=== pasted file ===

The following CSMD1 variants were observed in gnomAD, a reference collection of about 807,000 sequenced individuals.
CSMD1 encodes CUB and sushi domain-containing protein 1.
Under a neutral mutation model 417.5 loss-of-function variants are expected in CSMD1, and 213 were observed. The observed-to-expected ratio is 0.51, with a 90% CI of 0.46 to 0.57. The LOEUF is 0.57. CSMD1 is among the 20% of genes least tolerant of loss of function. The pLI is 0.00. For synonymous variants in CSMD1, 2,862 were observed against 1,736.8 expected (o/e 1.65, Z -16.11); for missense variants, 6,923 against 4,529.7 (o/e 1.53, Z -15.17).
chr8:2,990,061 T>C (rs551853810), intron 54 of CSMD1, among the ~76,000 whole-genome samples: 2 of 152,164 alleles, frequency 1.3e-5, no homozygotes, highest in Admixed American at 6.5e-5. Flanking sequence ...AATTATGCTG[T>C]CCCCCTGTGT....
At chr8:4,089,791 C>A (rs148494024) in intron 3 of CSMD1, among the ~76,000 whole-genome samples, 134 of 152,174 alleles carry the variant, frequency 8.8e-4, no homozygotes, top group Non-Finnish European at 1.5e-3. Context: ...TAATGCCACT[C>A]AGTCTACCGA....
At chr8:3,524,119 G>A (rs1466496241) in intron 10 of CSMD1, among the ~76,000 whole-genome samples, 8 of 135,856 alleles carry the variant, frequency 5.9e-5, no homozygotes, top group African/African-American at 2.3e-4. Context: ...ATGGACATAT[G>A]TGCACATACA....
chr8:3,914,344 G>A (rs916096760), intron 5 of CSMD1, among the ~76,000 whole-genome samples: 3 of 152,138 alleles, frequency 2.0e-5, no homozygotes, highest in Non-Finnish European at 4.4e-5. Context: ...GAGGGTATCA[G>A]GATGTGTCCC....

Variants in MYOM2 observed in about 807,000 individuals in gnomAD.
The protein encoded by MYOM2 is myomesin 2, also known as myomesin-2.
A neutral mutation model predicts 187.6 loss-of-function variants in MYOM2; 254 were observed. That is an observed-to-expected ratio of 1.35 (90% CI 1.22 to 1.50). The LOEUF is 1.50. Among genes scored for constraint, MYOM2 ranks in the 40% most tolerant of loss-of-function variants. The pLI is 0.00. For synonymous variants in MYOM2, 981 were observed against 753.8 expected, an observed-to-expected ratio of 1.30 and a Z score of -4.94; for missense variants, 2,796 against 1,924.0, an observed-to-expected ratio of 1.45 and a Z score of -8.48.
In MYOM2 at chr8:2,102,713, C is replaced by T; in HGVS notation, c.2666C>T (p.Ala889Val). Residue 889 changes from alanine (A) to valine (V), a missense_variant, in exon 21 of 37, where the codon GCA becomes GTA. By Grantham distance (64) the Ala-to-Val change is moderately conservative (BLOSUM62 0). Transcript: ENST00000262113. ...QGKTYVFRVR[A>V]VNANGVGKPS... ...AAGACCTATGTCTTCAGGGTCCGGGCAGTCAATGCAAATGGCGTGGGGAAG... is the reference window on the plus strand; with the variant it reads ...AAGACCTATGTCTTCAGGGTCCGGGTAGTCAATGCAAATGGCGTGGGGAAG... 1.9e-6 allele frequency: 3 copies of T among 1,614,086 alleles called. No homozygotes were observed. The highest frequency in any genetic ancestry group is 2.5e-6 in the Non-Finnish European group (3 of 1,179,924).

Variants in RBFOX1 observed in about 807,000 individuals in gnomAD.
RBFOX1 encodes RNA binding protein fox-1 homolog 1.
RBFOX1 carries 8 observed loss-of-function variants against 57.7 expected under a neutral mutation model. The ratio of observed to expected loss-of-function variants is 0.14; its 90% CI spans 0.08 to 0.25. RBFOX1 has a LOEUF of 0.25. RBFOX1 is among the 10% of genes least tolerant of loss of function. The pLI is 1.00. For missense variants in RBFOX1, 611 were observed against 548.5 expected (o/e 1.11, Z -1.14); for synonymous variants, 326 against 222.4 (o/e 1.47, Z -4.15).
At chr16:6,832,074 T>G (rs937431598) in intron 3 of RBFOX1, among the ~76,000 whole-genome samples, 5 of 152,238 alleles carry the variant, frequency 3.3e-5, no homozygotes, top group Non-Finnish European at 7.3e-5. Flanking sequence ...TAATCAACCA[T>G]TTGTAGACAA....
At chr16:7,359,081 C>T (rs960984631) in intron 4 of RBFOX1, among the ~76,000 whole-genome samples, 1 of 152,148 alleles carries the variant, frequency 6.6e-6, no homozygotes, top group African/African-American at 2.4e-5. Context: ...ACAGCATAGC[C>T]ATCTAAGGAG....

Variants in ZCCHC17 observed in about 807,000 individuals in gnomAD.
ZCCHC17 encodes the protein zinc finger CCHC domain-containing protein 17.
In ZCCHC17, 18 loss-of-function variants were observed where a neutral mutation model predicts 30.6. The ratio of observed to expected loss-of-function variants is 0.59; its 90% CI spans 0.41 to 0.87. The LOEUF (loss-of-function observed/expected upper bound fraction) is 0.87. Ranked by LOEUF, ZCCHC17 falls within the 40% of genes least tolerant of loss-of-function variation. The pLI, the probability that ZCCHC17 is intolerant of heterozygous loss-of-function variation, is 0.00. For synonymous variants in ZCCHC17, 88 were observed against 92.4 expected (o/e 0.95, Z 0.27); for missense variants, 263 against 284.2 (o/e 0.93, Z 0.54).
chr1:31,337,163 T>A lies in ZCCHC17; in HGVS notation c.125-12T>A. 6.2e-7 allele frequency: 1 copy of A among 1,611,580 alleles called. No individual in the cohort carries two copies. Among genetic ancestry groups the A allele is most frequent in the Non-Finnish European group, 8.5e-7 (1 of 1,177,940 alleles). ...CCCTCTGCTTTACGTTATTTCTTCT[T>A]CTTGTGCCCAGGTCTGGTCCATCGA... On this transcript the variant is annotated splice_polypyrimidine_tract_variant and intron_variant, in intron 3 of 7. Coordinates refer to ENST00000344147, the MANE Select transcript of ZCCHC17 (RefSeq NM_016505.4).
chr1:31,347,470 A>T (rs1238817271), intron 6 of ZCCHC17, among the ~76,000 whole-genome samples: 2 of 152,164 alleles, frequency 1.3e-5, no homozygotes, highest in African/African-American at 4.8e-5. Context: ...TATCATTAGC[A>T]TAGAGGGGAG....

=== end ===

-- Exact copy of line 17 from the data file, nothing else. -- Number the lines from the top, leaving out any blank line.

Variants in ZCCHC17 observed in about 807,000 individuals in gnomAD.